Teenagers are singing at the top of their voices. They are making enough noise to get the attention of the adults. They have an urgent message for adults: they want to be included in the worship service. Their contributions in this thesis consist of sanitized rap lyrics and other artistic expressions based on stories of their life and of Holy Scripture. As biblical folktales are changing their life, teenagers are asking for the recognition to be able to preach to one another—of course, with adult supervision. Having been helped tremendously both as a youth and as an adult to discover my passion for preaching, I am convinced this is an opportune time to develop peer preaching among youth.
Chapter One examines how I discovered my identity as a preacher with the help of interesting personalities and experiences in my life.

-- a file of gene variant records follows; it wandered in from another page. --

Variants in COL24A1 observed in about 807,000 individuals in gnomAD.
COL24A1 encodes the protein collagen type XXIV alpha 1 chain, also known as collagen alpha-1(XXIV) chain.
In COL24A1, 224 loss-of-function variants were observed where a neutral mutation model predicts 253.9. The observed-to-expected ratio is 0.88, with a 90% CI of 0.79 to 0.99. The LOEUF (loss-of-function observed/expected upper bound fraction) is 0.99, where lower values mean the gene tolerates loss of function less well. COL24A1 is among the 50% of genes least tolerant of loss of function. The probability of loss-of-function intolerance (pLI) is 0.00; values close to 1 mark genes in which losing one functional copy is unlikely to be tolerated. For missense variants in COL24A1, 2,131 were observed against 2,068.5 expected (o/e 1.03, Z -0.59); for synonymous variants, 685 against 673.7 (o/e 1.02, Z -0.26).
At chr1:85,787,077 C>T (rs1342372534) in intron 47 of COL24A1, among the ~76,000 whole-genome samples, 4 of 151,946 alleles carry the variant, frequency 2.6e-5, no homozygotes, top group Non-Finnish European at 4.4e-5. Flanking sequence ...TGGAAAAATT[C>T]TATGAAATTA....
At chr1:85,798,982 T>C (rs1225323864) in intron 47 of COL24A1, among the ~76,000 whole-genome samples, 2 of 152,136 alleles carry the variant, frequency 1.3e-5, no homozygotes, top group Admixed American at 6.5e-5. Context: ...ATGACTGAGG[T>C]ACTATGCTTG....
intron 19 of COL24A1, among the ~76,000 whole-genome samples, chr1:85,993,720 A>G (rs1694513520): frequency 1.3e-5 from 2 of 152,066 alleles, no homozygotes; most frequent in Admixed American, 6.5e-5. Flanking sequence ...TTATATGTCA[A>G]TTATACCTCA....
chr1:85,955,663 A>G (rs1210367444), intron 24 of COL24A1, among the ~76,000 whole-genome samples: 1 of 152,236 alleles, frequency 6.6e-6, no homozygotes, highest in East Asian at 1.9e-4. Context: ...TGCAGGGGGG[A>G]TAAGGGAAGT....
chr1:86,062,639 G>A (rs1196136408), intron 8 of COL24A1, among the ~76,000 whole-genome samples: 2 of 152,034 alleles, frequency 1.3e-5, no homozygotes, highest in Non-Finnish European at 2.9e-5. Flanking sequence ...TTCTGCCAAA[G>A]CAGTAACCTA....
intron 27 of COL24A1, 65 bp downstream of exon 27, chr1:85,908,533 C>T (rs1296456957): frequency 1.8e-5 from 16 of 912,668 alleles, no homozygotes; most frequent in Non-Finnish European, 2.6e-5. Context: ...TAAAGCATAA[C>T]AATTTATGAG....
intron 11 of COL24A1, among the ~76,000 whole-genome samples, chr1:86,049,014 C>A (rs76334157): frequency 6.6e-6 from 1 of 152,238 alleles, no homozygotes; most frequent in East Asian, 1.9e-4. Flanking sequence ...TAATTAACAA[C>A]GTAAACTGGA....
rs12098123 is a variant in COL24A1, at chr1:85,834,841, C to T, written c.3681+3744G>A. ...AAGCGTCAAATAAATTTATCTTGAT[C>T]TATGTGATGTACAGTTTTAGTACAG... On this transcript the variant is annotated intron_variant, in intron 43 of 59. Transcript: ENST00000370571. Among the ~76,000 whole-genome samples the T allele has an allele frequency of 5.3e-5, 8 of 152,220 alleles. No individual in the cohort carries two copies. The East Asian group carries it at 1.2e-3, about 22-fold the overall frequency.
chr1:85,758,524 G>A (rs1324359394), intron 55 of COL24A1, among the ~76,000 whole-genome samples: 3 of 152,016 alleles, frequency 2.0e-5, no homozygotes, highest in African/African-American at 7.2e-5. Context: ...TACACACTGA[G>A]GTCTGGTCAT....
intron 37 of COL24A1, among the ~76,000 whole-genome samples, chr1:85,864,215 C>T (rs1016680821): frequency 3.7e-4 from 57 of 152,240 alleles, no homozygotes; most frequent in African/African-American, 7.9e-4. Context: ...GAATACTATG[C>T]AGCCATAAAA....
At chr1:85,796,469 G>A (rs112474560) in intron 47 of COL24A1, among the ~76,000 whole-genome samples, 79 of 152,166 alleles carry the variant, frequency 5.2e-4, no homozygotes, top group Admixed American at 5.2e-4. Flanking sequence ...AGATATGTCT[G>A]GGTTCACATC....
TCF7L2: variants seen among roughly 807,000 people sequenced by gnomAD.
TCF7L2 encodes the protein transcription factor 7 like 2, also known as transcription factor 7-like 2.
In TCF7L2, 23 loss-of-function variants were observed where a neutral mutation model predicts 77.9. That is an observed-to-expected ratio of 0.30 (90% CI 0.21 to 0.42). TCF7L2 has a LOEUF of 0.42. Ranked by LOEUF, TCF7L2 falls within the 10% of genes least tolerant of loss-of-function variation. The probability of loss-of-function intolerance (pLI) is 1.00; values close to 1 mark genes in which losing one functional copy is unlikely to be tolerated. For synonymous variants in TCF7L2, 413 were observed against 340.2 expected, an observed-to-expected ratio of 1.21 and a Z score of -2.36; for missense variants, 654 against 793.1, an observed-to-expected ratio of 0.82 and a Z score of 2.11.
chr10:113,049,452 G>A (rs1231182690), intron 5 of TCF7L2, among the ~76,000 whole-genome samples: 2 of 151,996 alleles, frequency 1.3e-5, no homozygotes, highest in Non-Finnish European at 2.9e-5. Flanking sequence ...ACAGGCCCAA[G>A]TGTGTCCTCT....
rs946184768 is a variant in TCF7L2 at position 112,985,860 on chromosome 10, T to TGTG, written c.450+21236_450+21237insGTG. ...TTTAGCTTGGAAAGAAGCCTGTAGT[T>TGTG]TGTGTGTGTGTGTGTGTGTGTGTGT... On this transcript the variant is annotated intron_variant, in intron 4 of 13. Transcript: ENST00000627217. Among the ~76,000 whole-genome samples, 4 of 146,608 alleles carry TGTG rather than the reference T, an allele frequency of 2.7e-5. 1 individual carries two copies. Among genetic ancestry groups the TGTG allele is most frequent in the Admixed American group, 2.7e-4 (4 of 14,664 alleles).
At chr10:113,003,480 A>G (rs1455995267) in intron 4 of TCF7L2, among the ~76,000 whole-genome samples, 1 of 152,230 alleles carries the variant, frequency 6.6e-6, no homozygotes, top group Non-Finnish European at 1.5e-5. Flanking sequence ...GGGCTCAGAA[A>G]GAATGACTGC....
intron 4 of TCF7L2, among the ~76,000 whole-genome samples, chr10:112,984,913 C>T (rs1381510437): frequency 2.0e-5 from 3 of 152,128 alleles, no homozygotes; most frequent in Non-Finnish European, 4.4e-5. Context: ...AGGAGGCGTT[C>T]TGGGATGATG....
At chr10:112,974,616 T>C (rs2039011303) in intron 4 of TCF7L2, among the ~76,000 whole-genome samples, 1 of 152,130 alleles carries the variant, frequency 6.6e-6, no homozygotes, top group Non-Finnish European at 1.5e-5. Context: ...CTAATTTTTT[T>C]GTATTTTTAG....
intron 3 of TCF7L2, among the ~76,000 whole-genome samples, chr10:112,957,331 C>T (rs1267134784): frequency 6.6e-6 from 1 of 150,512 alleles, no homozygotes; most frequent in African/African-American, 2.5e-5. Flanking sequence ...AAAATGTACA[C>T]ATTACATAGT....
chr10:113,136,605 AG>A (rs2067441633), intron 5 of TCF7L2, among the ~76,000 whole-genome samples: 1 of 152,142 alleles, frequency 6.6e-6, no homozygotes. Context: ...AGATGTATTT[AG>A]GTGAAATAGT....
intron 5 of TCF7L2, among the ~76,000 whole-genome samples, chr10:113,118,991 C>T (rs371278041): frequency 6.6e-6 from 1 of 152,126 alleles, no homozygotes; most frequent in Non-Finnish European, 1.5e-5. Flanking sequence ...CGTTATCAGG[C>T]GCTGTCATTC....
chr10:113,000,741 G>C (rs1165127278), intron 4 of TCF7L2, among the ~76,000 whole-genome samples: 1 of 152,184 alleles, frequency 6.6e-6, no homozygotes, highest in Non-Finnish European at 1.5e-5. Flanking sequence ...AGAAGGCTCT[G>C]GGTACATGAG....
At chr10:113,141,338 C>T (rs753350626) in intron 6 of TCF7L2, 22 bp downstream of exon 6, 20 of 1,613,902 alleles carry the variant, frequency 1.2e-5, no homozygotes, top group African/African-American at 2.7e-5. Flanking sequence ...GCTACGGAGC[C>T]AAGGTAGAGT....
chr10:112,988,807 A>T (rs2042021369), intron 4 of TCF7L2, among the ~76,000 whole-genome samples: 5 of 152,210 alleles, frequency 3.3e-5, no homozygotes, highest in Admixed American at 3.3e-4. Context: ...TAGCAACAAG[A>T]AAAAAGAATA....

Chapter Two is a narration of some of the stories of the at-risk youth at Tryon Residential Center in Albany, New York. Their stories are disturbing, but their talents speak of hope and the quest for second opportunities to pull their life back on the right path. I can relate to them in the search for my own identity.
Chapter Three introduces West African folk traditions, music and the hip hop culture as useful tools in religious education for urban youth living in a most oral/aural environment. Chapter Four discusses how I worked with some of the youth at Tryon on some biblical texts and gives a sample of their contributions to preaching.
Chapter Five highlights the importance of prayer in the Life of a preacher and invites the Academy to embrace various aspects of urban youth culture as means to reaching the hearts of youth.
|School:||Aquinas Institute of Theology|
|School Location:||United States -- Missouri|
|Source:||DAI-A 69/02, Dissertation Abstracts International|
|Subjects:||Folklore, Theology, Religious education|
|Keywords:||At risk, At-risk youth, Catechesis, Folklore, Hip-hop, Peer preaching, Rap music as evangelization, Urban youth identity|
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